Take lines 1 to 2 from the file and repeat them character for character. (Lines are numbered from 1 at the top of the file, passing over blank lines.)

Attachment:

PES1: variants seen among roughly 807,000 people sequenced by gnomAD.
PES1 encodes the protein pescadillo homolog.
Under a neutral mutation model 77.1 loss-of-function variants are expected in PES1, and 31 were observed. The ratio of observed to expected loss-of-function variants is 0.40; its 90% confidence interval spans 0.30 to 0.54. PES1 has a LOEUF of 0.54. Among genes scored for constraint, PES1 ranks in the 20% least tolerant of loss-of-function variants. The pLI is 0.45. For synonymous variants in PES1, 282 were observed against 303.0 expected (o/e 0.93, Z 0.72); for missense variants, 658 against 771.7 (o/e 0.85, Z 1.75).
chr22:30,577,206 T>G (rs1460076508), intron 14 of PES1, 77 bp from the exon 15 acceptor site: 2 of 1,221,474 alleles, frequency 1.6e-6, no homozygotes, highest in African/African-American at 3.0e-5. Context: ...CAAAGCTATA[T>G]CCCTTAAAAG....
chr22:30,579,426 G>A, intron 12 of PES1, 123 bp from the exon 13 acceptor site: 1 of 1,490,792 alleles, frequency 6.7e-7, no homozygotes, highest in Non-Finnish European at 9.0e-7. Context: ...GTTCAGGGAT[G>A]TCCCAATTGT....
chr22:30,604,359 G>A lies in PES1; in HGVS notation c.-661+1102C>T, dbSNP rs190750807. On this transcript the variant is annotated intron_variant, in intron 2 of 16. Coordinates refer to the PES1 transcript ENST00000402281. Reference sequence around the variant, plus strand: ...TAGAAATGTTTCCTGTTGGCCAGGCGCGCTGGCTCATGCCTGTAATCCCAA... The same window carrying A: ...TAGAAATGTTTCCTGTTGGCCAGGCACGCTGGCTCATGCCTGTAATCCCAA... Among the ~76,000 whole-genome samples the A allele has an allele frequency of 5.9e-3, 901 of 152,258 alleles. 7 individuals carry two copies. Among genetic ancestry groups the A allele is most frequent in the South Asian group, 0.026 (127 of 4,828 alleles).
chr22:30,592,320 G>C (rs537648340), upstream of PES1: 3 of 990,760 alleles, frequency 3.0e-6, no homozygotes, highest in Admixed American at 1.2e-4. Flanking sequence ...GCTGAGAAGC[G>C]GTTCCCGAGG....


PES1: variants seen among roughly 807,000 people sequenced by gnomAD.
PES1 encodes the protein pescadillo homolog.